The Q&A Archives: Waterfall Japanese Maple

Question: This is the second year for my Waterfall Japanese Maple. Early spring, it was just fine. Then it started showing brown, dried up tips mainly on the top part of the tree. At first I thought I was watering too much, then I thought maybe I watered not enough. It seems to be doing OK now, however there are tips are all dried up and brittle. Can I clip these off? or just let it do it's thing. How and what and when do I give it nutrients? I love this tree, it is just so graceful. I hate to lose it. Thank You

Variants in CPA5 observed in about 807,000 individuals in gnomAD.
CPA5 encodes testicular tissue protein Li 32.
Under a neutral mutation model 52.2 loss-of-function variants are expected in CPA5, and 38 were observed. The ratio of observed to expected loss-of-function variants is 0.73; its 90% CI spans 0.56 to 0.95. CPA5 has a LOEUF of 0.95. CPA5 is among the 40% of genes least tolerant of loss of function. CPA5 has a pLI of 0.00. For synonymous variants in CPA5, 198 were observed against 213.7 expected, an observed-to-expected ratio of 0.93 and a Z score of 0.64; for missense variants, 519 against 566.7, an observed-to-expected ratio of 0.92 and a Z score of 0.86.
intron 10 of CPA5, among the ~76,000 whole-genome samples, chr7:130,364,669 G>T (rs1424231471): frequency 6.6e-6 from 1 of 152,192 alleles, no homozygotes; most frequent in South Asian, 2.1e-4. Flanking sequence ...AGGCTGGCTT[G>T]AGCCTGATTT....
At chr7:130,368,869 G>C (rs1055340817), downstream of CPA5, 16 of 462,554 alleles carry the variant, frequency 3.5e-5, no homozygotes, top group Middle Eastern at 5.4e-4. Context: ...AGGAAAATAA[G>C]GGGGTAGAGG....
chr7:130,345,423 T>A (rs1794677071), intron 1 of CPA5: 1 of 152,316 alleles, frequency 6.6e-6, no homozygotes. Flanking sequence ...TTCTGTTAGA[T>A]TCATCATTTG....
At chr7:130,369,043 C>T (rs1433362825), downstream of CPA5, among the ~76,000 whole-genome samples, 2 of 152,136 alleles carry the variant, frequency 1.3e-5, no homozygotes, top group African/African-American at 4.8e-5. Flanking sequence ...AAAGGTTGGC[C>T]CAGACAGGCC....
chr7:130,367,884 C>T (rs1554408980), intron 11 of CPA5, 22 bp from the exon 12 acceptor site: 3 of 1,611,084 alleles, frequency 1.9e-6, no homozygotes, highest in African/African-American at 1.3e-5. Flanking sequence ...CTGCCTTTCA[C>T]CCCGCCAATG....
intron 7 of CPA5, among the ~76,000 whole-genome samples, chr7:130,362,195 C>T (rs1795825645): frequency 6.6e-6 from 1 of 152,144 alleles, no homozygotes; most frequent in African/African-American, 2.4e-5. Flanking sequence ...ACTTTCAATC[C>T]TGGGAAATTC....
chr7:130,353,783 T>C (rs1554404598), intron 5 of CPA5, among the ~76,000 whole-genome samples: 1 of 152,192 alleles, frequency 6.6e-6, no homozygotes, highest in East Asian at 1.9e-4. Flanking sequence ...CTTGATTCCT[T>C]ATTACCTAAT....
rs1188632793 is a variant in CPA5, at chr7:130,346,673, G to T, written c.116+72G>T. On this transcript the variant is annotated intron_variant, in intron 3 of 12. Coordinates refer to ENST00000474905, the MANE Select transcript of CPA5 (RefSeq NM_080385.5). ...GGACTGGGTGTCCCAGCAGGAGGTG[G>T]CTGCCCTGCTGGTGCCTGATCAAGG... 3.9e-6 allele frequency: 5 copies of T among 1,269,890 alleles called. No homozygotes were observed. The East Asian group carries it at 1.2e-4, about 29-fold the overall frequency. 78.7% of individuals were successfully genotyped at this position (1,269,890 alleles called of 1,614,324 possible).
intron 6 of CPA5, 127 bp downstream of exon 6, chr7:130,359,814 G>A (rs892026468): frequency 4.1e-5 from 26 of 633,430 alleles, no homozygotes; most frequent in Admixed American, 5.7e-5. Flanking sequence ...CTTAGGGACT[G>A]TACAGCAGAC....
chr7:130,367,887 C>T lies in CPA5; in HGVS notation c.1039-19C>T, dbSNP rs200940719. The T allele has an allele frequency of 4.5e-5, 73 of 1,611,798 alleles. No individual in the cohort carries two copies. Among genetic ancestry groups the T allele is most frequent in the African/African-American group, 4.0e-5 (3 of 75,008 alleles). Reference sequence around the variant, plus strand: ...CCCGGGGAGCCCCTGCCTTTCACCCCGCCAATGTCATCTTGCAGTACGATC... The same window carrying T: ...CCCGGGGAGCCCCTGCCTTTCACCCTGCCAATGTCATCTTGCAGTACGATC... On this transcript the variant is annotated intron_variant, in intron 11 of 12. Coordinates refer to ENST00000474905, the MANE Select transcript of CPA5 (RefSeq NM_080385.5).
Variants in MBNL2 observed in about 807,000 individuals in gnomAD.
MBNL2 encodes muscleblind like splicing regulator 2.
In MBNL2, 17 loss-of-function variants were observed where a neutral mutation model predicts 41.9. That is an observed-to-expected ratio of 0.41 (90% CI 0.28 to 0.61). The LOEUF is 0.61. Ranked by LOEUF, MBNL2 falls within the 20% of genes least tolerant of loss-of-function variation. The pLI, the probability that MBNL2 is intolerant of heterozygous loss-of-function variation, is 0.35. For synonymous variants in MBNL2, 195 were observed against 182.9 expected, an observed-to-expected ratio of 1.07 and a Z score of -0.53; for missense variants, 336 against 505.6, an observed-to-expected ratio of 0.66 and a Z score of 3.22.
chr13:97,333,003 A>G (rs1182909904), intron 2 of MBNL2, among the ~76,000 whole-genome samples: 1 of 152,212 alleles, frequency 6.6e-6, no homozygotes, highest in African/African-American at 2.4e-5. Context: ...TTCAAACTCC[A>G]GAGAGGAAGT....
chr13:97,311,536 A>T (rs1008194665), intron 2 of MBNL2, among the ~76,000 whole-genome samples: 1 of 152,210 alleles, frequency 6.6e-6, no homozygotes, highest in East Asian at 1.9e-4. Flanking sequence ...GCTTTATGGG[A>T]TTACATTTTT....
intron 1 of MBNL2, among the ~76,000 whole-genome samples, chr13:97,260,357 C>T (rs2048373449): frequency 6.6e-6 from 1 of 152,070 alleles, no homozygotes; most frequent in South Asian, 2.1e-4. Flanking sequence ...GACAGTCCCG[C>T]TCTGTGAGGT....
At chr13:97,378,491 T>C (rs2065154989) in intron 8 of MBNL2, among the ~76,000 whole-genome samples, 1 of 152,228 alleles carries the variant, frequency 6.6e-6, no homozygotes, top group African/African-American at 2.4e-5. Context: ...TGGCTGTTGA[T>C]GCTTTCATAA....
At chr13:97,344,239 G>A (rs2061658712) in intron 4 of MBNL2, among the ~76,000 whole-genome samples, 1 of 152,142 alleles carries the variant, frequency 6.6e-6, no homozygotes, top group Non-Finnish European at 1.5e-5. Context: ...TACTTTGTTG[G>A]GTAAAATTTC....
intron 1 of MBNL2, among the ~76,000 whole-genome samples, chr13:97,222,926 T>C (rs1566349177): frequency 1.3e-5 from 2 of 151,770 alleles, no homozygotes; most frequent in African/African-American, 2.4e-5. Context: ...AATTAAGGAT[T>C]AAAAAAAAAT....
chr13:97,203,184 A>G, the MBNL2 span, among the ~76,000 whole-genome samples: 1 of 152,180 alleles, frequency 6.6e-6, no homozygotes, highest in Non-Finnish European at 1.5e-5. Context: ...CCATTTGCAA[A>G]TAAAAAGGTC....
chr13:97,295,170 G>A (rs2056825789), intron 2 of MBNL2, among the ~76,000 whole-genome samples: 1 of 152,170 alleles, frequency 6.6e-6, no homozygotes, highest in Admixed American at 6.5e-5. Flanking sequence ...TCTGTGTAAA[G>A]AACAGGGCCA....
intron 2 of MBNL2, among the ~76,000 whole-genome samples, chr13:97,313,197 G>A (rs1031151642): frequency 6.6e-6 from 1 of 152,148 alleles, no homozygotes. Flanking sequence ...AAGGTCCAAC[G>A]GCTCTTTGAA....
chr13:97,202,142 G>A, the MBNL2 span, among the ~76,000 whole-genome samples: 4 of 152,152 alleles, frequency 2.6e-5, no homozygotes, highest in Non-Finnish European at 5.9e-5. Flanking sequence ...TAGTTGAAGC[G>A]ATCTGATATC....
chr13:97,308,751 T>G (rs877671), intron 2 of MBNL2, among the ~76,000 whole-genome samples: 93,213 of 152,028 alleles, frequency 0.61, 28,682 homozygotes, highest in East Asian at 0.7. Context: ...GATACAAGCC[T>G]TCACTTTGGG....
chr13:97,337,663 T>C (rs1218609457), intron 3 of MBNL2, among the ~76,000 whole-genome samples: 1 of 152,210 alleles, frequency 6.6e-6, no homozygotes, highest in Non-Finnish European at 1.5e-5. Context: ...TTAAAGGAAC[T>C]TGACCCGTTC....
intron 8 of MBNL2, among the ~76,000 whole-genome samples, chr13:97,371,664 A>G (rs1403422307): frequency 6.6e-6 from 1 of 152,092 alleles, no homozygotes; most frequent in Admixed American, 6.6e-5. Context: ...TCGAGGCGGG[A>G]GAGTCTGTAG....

Answer: Based on your description I am not certain what is happening to your tree. If it leafs out fine and then later begins to show foliage damage at the top of the tree only, it might be due to frost damage that happened back when it was first starting to leaf out. Sometimes the tissue damage does not become apparent until later on when the foliage is fully expanded. If the damage is to the growth tips of the branches and has killed back the twigs, I would suspect winter injury due to cold. It is very difficult to diagnose this type of thing without seeing the tree, being familiar with the local weather patterns that year, and understanding the microclimate and growing conditions where it is planted. So I would suggest you work with your county extension and/or professionally certified nurseryman to try to diagnose the problem. Once you know that, you can determine how to proceed. Generally speaking truly dead wood can be trimmed off, but I would wait to do this until you can consult with someone about what is causing it -- the pattern of where the problem is can be a big clue. As far as fertilizing, ideally you would do this based on soil test results. A general guide would be to apply a top dressing of good quality compost every spring along with possibly a general purpose granular or slow release fertilizer with an analysis of 10-10-10 or similar proportions, read and follow the label instructions. Also maintain a year round layer of organic mulch about two to three inches deep in a flat layer over the root area. (Do not allow it to touch the trunk.)The mulch helps to feed the soil gradually as it breaks down over time. It is better to underfertilize than overfertilize, so do not be tempted to overfeed it to make it grow back quicker and do not fertilize it after mid summer. This can actually encourage overly fast, weak growth that is susceptible to winter damage. Good luck with your tree!

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